Change Over Time: The Role Of Police

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What do we expect our police officers to do? Historically the role of police officer has been recognized as that of a law enforcer, however, in truth the role of police is multifaceted and not easily defined (Bittner, 1974). Overtime police officers have assumed various roles and functions that are often ambiguous and conflicting, leaving officers with mixed messages on what their roles should be (Nowicki, 1998). In order to discuss the myriad of roles police officers assume on a daily basis, it is important to discuss how police organization has changed over time and where the future of policing is heading.
Change has been a constant theme from the beginning of policing history. There are three notable distinct eras that examine the progression
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Although police have assumed various roles throughout history, the community era attempted to distinguish the different roles of police and the certain expectations each role carried with it. There are three widely recognized roles of police: law enforcement, order maintenance, and service (Wilson, 1968). The most widely perceived role of police by the public is that of law enforcement, but in truth law enforcement is one iota of actual police work (Bittner, 1974). Police are also perceived to be at the forefront of crime prevention, but as researched has suggested, traditional policing strategies are simply not effective at controlling crime (Bayley and Nixon, 2010). The role of maintaining order is quite interesting because it is very similar to the role of law enforcement but relies heavily on police discretionary freedom and is much larger a piece of police work. The role of maintaining order suggests that police curtail disorder, public nuisances, or any behavior that threatens or disrupts the public’s peace however they deem necessary without invoking the law (Wilson, 1968). As with order maintenance, the role of handling all situations is another large piece of police work. Police are called upon for service ranging from traffic situations, public information, and emergencies. …show more content…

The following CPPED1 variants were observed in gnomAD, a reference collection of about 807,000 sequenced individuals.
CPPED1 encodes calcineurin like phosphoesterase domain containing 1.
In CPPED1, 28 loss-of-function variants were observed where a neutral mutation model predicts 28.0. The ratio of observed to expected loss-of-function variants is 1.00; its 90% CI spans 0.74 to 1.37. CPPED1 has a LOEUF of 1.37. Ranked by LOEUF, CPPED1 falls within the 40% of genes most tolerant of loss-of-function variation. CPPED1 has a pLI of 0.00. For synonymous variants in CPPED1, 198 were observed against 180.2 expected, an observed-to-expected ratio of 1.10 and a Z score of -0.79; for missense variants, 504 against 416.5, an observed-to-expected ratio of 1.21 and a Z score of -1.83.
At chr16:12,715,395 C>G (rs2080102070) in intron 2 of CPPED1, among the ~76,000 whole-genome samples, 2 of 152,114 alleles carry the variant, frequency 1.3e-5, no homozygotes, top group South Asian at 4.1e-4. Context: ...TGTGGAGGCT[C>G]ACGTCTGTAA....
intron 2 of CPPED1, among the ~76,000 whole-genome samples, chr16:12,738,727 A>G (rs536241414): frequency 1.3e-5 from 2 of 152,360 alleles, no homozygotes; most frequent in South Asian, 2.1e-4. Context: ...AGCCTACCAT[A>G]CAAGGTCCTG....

The use of force is one of those roles and it is the ability to use force against citizens. The use of force is one of the most severe and controversial types of police discretionary actions and it is defined as the amount of coercion required to controlling an unruly subject (Wilson, 1968). The ability to use of force to handle situations is a capacity found only in police work, not even in the military do service men have the ability to use force against their own citizens (Bittner, 1974). The use of force is a tool as well as a role (Bittner, 1974), but it is a tool that can lead to constitutionality issues and can have significant negative consequences if not deployed correctly or justifiable (Van Maanen, 1974). The use of force is contingent on the amount of discretion given to police officers. During the political era, when discretion was encouraged, it led to excessive use of force, police corruption, and poor community relationships. In contrast, during the reform era, when police were solely focused on the law enforcement role, the inability of police to use discretion created disorder and other problems because police had no way of dealing with order maintenance (Walker, 1992). Structuring police discretion, and with it the use of force, is extremely difficult and it paves the way for the role police officers assume when

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